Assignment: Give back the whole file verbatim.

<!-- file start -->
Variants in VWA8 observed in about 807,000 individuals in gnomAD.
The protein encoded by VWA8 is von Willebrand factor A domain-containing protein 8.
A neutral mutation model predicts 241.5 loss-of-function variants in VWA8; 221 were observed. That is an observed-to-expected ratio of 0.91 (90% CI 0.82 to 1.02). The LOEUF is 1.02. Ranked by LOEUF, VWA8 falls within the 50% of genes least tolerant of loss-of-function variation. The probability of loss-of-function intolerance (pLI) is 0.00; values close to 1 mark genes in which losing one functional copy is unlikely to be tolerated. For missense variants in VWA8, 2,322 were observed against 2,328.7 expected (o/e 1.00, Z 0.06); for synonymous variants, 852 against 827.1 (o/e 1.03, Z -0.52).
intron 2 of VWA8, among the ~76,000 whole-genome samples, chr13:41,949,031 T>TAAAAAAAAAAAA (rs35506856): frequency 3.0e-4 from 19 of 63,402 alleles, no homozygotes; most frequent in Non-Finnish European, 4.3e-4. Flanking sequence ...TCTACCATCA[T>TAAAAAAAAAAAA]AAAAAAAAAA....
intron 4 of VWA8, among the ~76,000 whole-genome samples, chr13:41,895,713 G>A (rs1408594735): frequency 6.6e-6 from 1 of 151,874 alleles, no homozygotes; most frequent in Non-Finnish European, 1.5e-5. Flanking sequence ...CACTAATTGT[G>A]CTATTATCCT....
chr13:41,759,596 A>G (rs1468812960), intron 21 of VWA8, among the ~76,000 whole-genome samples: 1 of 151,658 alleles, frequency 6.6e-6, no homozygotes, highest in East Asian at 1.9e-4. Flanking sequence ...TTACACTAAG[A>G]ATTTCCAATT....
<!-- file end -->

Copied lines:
Variants in VWA8 observed in about 807,000 individuals in gnomAD.
The protein encoded by VWA8 is von Willebrand factor A domain-containing protein 8.
A neutral mutation model predicts 241.5 loss-of-function variants in VWA8; 221 were observed. That is an observed-to-expected ratio of 0.91 (90% CI 0.82 to 1.02). The LOEUF is 1.02. Ranked by LOEUF, VWA8 falls within the 50% of genes least tolerant of loss-of-function variation. The probability of loss-of-function intolerance (pLI) is 0.00; values close to 1 mark genes in which losing one functional copy is unlikely to be tolerated. For missense variants in VWA8, 2,322 were observed against 2,328.7 expected (o/e 1.00, Z 0.06); for synonymous variants, 852 against 827.1 (o/e 1.03, Z -0.52).
intron 2 of VWA8, among the ~76,000 whole-genome samples, chr13:41,949,031 T>TAAAAAAAAAAAA (rs35506856): frequency 3.0e-4 from 19 of 63,402 alleles, no homozygotes; most frequent in Non-Finnish European, 4.3e-4. Flanking sequence ...TCTACCATCA[T>TAAAAAAAAAAAA]AAAAAAAAAA....
intron 4 of VWA8, among the ~76,000 whole-genome samples, chr13:41,895,713 G>A (rs1408594735): frequency 6.6e-6 from 1 of 151,874 alleles, no homozygotes; most frequent in Non-Finnish European, 1.5e-5. Flanking sequence ...CACTAATTGT[G>A]CTATTATCCT....
chr13:41,759,596 A>G (rs1468812960), intron 21 of VWA8, among the ~76,000 whole-genome samples: 1 of 151,658 alleles, frequency 6.6e-6, no homozygotes, highest in East Asian at 1.9e-4. Flanking sequence ...TTACACTAAG[A>G]ATTTCCAATT....